Published by Knopf Books for Young Readers on July 26th 2016
The more things change in Salem, the more they stay the same.
Salem, Massachusetts is the site of the infamous Witch Trials and the new home of Samantha Mather. Recently transplanted from New York City, Sam is not exactly welcomed with open arms. She is a descendant of Cotton Mather, one of the men responsible for those Trials—and almost immediately, she becomes the enemy of a group of girls who call themselves The Descendants. And guess who their ancestors were?
If dealing with that wasn’t enough, Sam finds herself face to face with a real, live (well, technically dead) ghost. A handsome, angry ghost who wants Sam to stop touching his stuff.
Soon Sam discovers she is at the center of a centuries-old curse affecting everyone with ties to the Trials. Sam must come to terms with the ghost and work with The Descendants to stop a deadly cycle that has been going on since the first alleged witch was hanged. If any town should have learned its lesson, it’s Salem. But history may be about to repeat itself.
Think of your favorite Halloween movies. Now set aside the horror films and what stands out for you? For me two of the big ones are Hocus Pocus and ParaNorman, absolute must-watches every Haollween season. Now sprinkle in a dash of Mean Girls and you have Adrianna Mather’s How to Hang a Witch.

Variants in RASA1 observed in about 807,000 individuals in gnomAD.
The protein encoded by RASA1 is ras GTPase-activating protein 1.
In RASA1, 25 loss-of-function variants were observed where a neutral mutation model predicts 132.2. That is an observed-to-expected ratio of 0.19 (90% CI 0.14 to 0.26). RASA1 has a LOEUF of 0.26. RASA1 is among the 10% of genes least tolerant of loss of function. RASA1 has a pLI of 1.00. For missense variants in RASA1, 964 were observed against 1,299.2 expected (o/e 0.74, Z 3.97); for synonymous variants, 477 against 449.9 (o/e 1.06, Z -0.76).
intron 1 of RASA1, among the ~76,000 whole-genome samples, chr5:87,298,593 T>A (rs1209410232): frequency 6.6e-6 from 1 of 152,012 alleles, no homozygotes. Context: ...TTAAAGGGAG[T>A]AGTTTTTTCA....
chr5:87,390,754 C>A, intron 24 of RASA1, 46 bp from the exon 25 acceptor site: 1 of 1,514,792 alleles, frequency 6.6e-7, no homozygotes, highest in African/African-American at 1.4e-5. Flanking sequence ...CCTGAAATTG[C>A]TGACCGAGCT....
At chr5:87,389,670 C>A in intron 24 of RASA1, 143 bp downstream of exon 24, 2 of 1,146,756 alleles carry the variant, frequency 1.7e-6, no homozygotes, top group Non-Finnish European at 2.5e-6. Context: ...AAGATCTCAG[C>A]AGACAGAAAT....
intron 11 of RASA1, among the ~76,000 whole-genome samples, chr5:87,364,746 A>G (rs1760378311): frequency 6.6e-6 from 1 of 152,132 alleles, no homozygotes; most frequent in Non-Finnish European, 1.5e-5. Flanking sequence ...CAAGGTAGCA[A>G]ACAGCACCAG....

This is the perfect book for Halloween lover’s everywhere. You’ve got the history of Salem, actual witches, ghosts only one person can see, and more. When I say that this book is a lot like ParaNorman, I’m really not kidding. Minus the zombies, that is. Considering that it’s one of my favorite movies of all time you can guess how I feel about this book.
Now the love interests in the book are very different. The first one, the human, I don’t care for all that much. I don’t find him that interesting and his lack of understanding can get a little irritating to the point where I occasionally want to smack some sense into the boy. The ghost on the other hand, well where do I sign up to get a piece of his afterlife?
I love the idea that prejudices and grudges are held by the ancestors of the original participants in the trials. But instead of the Mathers having the upper hand in this case, its the ancestors of the victims. It’s an interesting concept and it was beautifully employed.
Surprisingly, I actually didn’t guess the “bad guy” as it were at the end. I expected an entirely different path. I thought I had it figured it, shouting at the book as things started to unravel. And then I was floored. Ok, not what I expected at all. Not even a little bit. But I was not disappointed in any respect, this ending was pure gold.
All in all its safe to say this was one of my favorite books of the year. And honestly, one of my favorite Halloween reads of all time. Maybe even a once a year read. Because why not? Salem Witch Trials? Actual witches. Yes please. I can’t wait for the next one.
What did you think of How to Hang a Witch? Share in the comments.
From my shelf to yours,